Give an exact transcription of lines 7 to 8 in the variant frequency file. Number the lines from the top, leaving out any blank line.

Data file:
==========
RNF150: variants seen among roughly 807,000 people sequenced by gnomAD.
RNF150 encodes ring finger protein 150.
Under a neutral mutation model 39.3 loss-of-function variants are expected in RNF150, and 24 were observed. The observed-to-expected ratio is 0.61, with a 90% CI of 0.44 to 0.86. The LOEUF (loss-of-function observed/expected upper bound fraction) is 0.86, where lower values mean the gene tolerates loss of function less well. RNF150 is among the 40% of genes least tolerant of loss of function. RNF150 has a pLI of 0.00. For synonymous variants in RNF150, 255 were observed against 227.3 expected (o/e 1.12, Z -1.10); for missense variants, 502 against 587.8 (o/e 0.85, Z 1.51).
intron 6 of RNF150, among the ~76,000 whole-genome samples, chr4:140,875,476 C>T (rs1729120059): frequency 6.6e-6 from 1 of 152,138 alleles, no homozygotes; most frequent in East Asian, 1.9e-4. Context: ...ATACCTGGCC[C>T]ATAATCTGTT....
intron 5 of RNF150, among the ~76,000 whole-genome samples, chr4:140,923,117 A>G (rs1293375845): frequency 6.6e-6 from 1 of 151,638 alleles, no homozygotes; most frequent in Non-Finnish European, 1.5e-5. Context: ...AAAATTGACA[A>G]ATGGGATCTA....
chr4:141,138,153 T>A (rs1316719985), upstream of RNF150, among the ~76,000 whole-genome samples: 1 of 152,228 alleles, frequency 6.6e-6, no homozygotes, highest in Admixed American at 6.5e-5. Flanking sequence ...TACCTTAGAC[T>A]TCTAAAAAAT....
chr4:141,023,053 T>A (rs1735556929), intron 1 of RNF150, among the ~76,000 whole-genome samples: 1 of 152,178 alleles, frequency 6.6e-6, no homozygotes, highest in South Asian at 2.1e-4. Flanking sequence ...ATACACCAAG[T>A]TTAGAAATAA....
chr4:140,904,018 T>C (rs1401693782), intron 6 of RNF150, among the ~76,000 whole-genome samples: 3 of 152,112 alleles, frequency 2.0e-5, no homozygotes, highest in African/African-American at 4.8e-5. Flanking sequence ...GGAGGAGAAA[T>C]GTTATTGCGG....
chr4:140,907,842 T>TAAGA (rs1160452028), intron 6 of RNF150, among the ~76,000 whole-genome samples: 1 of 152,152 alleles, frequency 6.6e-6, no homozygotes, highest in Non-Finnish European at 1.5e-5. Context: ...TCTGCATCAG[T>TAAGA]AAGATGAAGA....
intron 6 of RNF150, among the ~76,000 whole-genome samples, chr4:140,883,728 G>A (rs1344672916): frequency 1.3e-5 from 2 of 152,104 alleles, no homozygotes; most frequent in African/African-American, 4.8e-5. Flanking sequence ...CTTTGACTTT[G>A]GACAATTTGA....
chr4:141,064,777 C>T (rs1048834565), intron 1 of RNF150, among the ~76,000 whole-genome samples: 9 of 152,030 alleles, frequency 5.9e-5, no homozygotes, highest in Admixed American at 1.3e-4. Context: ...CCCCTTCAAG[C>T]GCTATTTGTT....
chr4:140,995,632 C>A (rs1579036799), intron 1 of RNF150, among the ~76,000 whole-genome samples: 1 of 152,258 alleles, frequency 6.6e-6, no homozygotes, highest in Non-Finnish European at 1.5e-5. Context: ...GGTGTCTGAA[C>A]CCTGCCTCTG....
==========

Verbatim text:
chr4:141,023,053 T>A (rs1735556929), intron 1 of RNF150, among the ~76,000 whole-genome samples: 1 of 152,178 alleles, frequency 6.6e-6, no homozygotes, highest in South Asian at 2.1e-4. Flanking sequence ...ATACACCAAG[T>A]TTAGAAATAA....
chr4:140,904,018 T>C (rs1401693782), intron 6 of RNF150, among the ~76,000 whole-genome samples: 3 of 152,112 alleles, frequency 2.0e-5, no homozygotes, highest in African/African-American at 4.8e-5. Flanking sequence ...GGAGGAGAAA[T>C]GTTATTGCGG....